By Jason Holling
About two weeks ago, Justin and I had the chance to help with a postcard campaign in an attempt to get a bill out of the Nebraska State Judiciary Committee that supported the need to allow second parent adoption by two unmarried qualified adults in Nebraska. We collected post cards and helped people find their senator to write to at tables in our church at the morning and evening services. At the end of the day, our 150 postcards were pulled together with thousands of other voices from around the city. That Friday, the group that helped organize the postcard campaign took the postcards to Lincoln to deliver to the senators.
But like any other Friday, I had meetings and was unable to attend the event in Lincoln, NE to deliver the postcards. So I was excited when I found out my meetings were cancelled which would allow me to attend the event. But I remember thinking when I went to bed the night before, “oh well, they have it handled, I don’t need to go in the morning”. In the morning, as I showered for work, I had second thoughts. What would our child say years down the road when only one parent was recognized by our state as the legal parent? What would our child say to me when the parent not recognized legally tried to take them to the hospital in the event of emergency and they were turned away for healthcare because they were not a legal parent on paper? Could I arrive at the hospital in a panic to find them waiting in the emergency room unable to enter because their dad was not permitted to make medical decisions? How could I look at them and explain to them I had a meeting and two busy years ago to speak up and help change the law.
Or what, God forbid, would I tell them years from now if something happened where one of us passed away in an accident and the certainty of them staying with their living dad was in jeopardy because only one of us were recognized as the legal parent? Would I be able to tell them because one of their dads had to go to work 10 years ago and not take time out of his day that he could no longer stay with the surviving dad? Both dads shared in all the joys of watching them grow up, raising them, and reading to them before bed equally. But now that equally part is seen differently — now the state is allowed to tell our child that one of their dads didn’t mean as much and is not legally recognized as a parent because second parent adoption was not moved forward in Nebraska.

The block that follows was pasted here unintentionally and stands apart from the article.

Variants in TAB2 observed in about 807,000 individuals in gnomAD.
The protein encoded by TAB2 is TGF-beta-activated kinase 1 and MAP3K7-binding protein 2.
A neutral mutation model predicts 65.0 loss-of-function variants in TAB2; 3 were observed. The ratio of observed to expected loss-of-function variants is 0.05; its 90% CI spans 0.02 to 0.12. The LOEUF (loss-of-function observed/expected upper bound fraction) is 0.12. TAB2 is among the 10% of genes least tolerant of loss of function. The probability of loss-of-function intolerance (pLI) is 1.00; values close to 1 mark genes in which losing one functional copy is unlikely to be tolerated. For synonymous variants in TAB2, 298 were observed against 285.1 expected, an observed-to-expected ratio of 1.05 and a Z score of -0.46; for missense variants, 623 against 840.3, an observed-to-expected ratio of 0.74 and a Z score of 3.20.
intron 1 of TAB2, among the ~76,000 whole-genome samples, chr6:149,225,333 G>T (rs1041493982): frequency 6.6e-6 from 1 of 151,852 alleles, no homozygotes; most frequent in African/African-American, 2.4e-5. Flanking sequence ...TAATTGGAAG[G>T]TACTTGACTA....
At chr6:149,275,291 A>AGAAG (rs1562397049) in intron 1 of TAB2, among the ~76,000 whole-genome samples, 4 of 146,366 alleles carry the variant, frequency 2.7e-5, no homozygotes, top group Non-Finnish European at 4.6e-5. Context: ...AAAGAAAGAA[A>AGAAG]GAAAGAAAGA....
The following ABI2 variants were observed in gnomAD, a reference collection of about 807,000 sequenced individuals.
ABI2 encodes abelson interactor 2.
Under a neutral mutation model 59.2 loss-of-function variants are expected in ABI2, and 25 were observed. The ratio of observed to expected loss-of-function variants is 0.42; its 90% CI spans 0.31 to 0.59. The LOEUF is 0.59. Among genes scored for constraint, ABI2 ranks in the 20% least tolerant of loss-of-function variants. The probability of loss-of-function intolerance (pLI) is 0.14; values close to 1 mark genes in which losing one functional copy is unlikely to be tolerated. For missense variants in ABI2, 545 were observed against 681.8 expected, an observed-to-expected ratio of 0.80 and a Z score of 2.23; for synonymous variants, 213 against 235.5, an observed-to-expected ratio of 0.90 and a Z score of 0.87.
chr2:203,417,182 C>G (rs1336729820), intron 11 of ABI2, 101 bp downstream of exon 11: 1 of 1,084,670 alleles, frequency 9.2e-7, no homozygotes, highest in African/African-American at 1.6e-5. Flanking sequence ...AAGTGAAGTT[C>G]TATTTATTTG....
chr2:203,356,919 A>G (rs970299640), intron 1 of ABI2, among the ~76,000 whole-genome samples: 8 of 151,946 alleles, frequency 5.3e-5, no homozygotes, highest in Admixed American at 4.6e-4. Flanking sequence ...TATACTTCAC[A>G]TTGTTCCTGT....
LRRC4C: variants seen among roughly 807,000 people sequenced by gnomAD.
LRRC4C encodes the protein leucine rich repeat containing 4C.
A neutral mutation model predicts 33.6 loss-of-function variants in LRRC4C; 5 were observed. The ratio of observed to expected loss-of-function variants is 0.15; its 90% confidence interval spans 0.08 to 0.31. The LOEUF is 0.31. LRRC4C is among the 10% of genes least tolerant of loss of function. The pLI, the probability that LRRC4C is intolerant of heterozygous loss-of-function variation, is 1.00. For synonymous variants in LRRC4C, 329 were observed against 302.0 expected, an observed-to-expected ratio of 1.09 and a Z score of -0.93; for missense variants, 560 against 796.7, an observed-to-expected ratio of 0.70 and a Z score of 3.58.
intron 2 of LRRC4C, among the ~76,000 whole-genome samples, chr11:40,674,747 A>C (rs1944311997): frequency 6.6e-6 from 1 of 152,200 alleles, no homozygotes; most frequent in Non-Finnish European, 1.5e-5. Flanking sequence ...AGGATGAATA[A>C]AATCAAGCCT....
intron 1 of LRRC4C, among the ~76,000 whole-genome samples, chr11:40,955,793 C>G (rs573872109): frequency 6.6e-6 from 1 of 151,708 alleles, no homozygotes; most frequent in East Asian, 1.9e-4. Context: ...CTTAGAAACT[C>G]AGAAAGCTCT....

What would I say in any of these situations? That I stood back and thought someone else would get involved and change things that infringe on equality in our home state? I pride ourselves on figuring out this winding path of LGBT adoption in our state along with other brave people. That we don’t know what hurdle is waiting for us on the next leg of our journey – but we are not afraid to keep going until we held them safely in our arms. We want our child to be a voice of change and stand up years from now to challenge what’s not working. We already wrote a letter to our child in the baby book about our dreams for them while we wait for the day we hold our child in our arms. One of the lines that was special in that letter we wrote was, “May you always have faith in yourself and know you can do anything you set your mind to. God has sent you here for a purpose…. pursue it and don’t just exist. Be the change in this world your dads hope for.”
So while I was not comfortable being on camera, I still made my voice heard. And people heard it. I got emails, texts, phone calls, and Facebook messages. But best of all we now have a chapter to tell our wonderful birth mother in our adoption story. We now have a chapter to share with our child in our adoption story. A chapter that hopefully they read years from now and see that their dads stood up and loved them. We hope our child creates many chapters like this of their own for years to come. And we hope that they write pieces of the chapter where their dads left off — a world where there is equality for other LGBT parents that provide safe, loving, compassion-filled homes full of dreams and hopes for their children.
If you would like to see the video of Jason’s interview from channel 8 in Lincoln (KLKN) , click here
Also, we are an approved family with Independent Adoption Center. Visit our profile and Dear Birthmother Letter
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Originally published on The Seattle Lesbian
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